Complicated Grief Treatment involves learn about complicated grief and how it’s treated, explore topics as grief reactions, complicated grief symptoms, adjusting to your loss and redefining your life goals, exploring and processing thoughts and emotions, improving coping skills, reducing feelings of blame and guilt.

Other types of psychotherapy can help you address other mental health conditions, such as depression or PTSD, which can occur along with complicated grief.

Medications

Antidepressants may be helpful in people who have clinical depression as well as complicated grief.

Post-Traumatic Stress Disorder (PTSD)

Treatment Psychotherapy:

Cognitive Behavior Therapy: involves confronting and modifying the distorted threat appraisal process and irrational beliefs about guilt.

Exposure Therapies: are effective in 60 -70% of patients, although may increase symptoms in some people.

Eye Movement Desensitization and Reprocessing (EMDR): has been shown in metanalysis to have efficacy similar to CBT.

 

Pharmacotherapy:

SSRIs are mainstay of treatment, helping between 40-85% of the people.

TCAs and MAOIs may also be useful, but there is less evidence and greater side effects.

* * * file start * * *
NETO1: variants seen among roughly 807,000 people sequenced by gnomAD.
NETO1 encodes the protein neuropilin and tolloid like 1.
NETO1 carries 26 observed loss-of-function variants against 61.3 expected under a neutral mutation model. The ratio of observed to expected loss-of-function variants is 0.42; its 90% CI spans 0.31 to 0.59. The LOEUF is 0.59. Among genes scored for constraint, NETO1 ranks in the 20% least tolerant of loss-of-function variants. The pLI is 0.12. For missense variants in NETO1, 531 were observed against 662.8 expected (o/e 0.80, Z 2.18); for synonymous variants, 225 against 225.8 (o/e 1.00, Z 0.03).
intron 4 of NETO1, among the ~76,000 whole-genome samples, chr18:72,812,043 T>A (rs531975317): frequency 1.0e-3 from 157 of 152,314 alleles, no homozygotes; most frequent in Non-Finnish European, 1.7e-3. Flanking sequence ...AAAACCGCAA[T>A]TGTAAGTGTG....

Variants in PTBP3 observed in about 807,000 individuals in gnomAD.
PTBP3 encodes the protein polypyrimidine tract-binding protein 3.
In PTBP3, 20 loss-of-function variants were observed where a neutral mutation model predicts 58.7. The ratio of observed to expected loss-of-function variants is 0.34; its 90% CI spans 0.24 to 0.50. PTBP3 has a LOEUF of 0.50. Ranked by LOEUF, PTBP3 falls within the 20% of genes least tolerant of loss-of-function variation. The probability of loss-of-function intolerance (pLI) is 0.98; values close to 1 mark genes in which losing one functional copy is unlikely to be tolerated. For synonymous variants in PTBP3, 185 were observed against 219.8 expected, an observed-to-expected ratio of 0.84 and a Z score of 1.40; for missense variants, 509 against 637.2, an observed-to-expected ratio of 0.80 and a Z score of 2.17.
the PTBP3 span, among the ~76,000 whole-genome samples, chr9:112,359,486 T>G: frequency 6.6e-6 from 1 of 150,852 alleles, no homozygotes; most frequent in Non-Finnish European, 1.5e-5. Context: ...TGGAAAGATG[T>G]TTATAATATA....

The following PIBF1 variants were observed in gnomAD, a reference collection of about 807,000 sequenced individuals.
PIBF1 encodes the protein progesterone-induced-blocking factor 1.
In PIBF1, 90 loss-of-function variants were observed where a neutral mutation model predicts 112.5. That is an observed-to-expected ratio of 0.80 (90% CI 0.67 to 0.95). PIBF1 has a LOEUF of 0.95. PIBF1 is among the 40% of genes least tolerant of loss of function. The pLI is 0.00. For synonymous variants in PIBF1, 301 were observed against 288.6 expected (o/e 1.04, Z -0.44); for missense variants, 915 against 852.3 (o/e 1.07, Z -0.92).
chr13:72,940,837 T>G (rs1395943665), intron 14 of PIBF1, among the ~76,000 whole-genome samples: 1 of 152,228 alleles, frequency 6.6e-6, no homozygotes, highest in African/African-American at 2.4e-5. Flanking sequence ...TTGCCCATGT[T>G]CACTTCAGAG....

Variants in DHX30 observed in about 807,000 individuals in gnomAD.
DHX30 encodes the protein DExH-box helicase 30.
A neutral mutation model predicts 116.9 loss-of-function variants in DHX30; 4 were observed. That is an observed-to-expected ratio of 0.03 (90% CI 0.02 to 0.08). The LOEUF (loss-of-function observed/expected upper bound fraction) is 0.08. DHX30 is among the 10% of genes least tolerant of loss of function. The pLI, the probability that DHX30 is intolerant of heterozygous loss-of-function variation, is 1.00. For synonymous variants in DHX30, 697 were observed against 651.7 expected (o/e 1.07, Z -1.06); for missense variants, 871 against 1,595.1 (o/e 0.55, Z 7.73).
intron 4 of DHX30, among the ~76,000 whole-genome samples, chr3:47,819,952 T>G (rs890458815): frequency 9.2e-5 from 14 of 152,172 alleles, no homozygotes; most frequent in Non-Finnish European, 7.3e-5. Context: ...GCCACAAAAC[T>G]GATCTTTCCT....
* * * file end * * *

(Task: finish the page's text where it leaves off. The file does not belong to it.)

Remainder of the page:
Benzodiazepines: are logic choices for anxiety and insomnia. However, they run risks of causing dependency, increasing the risk of PTSD with early treatment and causing the worsening of the symptoms when withdrawing.

Atypical antipsychotics, anticonvulsants, alpha 2 adrenergic agonists and beta blockers may help with specific symptoms.

 

Prognosis

58% recover within nine months, but 15-25% have a chronic course. outcome depends on initial symptoms severity.

 

Recovery is helped by:

  • good social support
  • absence of maladaptive copying mechanism (avoidance, denial, not talking about problems, thought suppression or rumination.
  • No further traumas, including secondary problems like physical health, disability, disfigurement, disrupted relationships, economic problems, litigation.